The case for cursive
A Case for Cursive? - NEA Today
There is scientific proof that cursive writing improves creativity, retention, comprehension, fine motor dexterity and increases literacy....
"The tactile practice of handwriting leaves a memory trace in the sensorimotor part of the brain, which are retrieved when reading the letters. In other words, handwriting reinforces reading in ways that keyboarding does not."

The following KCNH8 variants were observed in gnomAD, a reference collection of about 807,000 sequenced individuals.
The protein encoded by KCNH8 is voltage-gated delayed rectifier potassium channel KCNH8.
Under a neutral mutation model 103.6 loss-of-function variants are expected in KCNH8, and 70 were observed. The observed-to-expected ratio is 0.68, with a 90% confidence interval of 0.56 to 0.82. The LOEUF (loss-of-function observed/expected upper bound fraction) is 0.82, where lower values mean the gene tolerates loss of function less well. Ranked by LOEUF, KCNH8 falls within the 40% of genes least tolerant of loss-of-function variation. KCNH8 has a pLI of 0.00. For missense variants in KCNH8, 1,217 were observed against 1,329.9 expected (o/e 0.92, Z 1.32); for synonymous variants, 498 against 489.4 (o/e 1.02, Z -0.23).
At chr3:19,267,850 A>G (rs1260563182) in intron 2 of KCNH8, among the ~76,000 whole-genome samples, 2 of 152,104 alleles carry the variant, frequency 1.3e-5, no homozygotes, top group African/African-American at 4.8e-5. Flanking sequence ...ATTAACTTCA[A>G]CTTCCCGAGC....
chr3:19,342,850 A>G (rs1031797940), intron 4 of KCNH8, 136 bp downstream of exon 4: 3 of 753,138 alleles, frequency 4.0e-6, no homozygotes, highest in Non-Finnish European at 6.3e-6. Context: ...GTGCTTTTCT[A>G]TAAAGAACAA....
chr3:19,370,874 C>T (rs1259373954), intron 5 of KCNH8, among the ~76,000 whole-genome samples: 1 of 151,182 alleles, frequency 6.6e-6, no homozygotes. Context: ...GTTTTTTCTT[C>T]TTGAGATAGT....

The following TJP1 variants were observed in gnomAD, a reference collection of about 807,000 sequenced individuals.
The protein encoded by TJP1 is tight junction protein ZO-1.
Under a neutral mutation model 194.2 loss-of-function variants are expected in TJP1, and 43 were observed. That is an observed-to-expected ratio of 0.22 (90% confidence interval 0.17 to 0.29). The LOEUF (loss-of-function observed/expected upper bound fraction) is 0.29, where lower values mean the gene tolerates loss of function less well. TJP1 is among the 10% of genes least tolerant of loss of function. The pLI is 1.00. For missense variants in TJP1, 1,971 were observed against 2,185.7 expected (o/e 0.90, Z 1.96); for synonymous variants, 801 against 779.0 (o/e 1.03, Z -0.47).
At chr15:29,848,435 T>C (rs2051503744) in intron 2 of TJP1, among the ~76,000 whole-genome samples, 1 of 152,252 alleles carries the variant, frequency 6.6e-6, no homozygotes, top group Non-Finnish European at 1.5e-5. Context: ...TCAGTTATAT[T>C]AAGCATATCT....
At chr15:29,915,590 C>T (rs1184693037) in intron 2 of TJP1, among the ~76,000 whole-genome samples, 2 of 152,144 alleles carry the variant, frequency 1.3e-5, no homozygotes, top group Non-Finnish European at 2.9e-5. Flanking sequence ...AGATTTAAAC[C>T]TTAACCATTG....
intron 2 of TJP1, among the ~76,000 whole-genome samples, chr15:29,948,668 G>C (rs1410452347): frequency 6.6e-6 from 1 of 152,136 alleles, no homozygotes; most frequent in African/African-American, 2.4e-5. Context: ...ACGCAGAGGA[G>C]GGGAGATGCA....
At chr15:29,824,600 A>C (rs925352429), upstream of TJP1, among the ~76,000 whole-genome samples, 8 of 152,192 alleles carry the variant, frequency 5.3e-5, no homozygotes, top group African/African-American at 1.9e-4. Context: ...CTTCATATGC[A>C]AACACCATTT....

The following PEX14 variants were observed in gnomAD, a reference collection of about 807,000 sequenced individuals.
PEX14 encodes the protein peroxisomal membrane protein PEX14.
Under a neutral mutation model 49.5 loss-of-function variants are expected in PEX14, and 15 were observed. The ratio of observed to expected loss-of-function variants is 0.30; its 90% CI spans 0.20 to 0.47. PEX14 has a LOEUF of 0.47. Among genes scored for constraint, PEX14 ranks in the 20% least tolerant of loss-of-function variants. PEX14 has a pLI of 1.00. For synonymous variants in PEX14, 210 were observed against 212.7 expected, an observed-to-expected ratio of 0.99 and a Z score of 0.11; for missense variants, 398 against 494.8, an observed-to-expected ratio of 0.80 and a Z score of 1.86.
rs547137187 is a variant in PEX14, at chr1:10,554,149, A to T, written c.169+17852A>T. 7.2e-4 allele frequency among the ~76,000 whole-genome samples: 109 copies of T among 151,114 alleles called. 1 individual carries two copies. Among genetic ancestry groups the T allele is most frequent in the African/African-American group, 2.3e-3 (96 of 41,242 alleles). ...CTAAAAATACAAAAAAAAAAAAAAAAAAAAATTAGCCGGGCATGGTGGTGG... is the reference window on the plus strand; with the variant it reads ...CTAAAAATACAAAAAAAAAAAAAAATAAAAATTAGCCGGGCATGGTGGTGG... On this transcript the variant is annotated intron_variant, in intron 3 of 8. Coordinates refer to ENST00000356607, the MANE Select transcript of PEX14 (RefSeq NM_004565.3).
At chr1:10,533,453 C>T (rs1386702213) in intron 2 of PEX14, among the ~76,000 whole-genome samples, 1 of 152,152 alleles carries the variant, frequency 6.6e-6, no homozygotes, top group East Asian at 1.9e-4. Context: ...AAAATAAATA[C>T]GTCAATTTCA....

“There’s a myth that in the era of computers we don’t need handwriting. That’s not what our research is showing,” Virginia Berninger, a University of Washington professor who has co-authored studies on cursive writing, told the Washington Post. “What we found was that children until about grade six were writing more words, writing faster and expressing more ideas if they could use handwriting—printing or cursive—than if they used the keyboard.”